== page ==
Of course, as I aged, my body changed. When I got pregnant for the first time, I watched my weight go higher than it ever had. And my breasts, good Lord, my breasts were huge! My D-cups became DDDs by the end of both pregnancies. Talk about some added weight, plus the extra 40 pounds of pregnancy weight.

Pregnant woman holding baby gifts.
At my baby shower while 8 months pregnant with Drew.

With Drew, I weighed 155 at full-term. At my six-week check-up, I remember being upset that I was still at 126 pounds (It sure would be nice to be that weight now). But, I was able to get back down to 117 pounds, and I stayed fairly stable until my next pregnancy four years later. I wore sizes 4 or 6 in clothing.

Woman standing near greenery.
Taken when Drew was 4 months old.

With Meredith, I was so sick I didn’t gain any weight in the beginning and finally made it to 145 pounds a few days before she was born (I would also love to be that weight now).

Pregnant woman standing beside cake.
At my baby shower while 8 months pregnant with Meredith.

By six weeks later, I was at 123 and it took me another year to get back to 115 again. And my breasts stayed large for my frame at a 34D. I was able to wear my 4s and 6s again.

Woman with infant and little boy sitting on a sofa.
With my kiddos when Meredith was about 7 months and Drew was 4 1/2 years old.

What happened later

As I got older, I put on weight, going from 125 to 135 to 145 to 155 and then 165 before topping out at 175 after the COVID-19 pandemic and the stress of losing a job I loved. Most of that weight was in my breasts and abdomen, with a bit settling in around my hips.

Diets and exercise failed

When I first hit the 145-ish spot (that wasn’t pregnancy weight), I tried a high-protein, low-carb diet. While I lost some inches, I only lost 3 pounds the entire time I was on the plan. Even with regular exercise, it just didn’t work for me.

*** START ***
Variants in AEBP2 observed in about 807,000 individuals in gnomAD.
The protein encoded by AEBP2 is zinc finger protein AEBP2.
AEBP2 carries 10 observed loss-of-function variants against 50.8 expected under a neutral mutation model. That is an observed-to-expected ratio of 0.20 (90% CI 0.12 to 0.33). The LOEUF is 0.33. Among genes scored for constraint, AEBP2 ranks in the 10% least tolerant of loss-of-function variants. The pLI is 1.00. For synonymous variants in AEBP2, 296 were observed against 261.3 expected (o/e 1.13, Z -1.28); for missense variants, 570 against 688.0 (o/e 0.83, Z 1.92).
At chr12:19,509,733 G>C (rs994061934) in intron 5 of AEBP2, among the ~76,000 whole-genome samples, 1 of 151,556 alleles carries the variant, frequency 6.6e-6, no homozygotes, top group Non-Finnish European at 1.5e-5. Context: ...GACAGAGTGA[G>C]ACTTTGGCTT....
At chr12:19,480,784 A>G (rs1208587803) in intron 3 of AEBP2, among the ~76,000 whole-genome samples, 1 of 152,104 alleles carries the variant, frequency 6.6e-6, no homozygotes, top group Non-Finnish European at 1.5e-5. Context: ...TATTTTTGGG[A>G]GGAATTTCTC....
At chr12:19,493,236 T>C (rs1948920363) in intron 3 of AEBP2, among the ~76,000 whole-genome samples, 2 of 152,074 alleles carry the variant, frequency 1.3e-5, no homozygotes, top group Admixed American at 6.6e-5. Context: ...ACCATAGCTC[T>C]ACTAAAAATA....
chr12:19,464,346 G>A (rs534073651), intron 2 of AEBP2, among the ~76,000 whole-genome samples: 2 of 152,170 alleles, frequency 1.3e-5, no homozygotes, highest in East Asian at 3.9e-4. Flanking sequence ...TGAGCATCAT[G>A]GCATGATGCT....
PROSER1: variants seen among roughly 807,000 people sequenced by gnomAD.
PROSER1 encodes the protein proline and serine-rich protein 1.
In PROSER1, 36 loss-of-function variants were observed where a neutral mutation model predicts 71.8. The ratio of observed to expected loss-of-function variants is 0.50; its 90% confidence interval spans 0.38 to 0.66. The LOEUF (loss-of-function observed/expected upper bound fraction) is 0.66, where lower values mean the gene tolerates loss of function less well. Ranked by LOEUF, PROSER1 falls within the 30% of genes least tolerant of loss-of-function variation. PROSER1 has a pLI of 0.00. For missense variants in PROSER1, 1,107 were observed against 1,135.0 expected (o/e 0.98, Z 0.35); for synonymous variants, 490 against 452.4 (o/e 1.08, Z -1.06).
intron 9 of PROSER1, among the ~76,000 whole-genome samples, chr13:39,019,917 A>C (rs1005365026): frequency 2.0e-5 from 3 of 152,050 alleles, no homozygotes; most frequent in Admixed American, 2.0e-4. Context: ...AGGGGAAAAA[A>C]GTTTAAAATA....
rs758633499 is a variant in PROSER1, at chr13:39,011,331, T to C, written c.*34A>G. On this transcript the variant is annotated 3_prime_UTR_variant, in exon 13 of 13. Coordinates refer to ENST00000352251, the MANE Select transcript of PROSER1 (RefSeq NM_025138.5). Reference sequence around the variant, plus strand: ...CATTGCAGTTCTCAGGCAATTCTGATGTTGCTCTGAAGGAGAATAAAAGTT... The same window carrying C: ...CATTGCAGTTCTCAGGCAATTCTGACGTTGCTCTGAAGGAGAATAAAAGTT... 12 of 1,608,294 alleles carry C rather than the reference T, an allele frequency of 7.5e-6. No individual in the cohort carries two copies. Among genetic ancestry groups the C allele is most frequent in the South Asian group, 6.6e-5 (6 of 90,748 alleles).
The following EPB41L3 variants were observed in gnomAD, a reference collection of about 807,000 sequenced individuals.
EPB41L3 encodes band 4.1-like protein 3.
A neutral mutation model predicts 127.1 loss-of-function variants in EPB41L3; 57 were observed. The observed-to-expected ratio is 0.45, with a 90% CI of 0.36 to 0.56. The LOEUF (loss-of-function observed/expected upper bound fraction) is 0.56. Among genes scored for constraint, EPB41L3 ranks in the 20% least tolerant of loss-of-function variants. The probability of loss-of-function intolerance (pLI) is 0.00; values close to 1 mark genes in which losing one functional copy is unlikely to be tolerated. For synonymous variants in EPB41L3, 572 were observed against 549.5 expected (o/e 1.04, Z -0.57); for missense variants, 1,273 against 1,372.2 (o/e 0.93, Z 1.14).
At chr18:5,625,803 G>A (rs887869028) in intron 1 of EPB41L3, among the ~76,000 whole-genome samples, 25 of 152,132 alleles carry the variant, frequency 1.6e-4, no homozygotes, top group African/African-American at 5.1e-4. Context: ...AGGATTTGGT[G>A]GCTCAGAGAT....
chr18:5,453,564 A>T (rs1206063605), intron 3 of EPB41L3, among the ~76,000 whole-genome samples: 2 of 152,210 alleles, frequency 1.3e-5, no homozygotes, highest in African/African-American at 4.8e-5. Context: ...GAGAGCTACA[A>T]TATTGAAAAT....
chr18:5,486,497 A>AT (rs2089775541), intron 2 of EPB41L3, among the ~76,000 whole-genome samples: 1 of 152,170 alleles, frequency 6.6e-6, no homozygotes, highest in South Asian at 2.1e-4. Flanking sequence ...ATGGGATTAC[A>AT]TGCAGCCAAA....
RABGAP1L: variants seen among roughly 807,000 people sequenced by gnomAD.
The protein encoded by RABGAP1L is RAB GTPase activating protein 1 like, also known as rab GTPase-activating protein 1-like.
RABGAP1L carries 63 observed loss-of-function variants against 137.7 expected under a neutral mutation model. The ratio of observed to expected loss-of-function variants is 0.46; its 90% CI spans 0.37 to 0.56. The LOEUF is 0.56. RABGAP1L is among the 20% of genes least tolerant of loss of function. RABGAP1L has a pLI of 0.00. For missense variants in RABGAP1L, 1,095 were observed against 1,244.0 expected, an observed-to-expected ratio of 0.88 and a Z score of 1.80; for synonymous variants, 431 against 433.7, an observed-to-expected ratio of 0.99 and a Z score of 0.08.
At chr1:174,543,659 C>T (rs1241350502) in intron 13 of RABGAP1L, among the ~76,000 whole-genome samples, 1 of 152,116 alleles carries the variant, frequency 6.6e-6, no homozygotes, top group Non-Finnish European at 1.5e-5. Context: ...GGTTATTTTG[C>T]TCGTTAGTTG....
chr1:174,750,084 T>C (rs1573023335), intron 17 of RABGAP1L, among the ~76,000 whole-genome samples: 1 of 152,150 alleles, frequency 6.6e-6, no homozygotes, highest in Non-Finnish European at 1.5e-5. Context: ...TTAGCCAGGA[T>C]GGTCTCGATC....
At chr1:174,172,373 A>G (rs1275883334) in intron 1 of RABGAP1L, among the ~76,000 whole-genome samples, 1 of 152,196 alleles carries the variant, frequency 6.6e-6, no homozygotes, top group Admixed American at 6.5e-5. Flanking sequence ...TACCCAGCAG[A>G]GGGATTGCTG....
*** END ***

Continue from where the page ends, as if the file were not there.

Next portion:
Then I tried counting calories, limiting myself to 1400 per day. My weight plateaued after a five-pound loss. I think my body went into starvation mode. I felt terrible and was starving all the time. After about six weeks, I gave up on that one, too.

Intermittent fasting worked

Later, when I had reached my highest point and had cried after stepping off the scale, I talked to my doctor about what to do. She suggested intermittent fasting. I was to limit my calories to 1500 per day and only eat between noon and 8 p.m. Sounds easy enough, right? Well, I got started, and sure enough, it worked for me. But it was so hard not eating breakfast. I spent every morning absolutely starving, trying to fill up on my first 32-ounce water serving of the day.

Man and woman with two dogs.
Jonathan and me with our dogs, Peanut and Roscoe. I was at my heaviest.


Woman walking with a dog near a girl roller skating.
Taken the same day as the photo above from a different angle, walking with Meredith and Roscoe.

It took me about seven months to lose 25 pounds. I was so proud of myself. Even though I was still overweight at 150 pounds, I’d accomplished something.

Man and woman standing at overlook.
With Jonathan at Petit Jean after my 25-pound weight loss.

Oops, life happened, and I gained back some weight

Life happened after that and I was lax on the fasting. We had a water pipe burst in June and then our house caught fire in October 2022. I was still trying to watch what I ate, but I began eating breakfast again when I was hungry. Weight started to come back, and now I am teetering between 160-165 again. I’ve lost progress, but I am trying to get back in the habit of intermittent fasting, which is probably more of a lifestyle change for me rather than a diet if I truly want to be successful at getting back to a healthier weight.

But what is a healthy weight? And why do I feel like I failed so badly when I’m not exactly sitting around eating junk all day long? I eat a lot of protein, baked lean meats, and rarely get fast food. I try to exercise regularly.

Why is this so freakin’ difficult? It’s eat less, exercise more, right? Simple—or maybe not. There are medication side effects, hormones, genetics, and environmental factors like stress. And who knows, maybe it’s because Mercury is in retrograde, or the flowers bloomed too soon? The hell if I know.

Don’t even get me started on women’s clothing sizes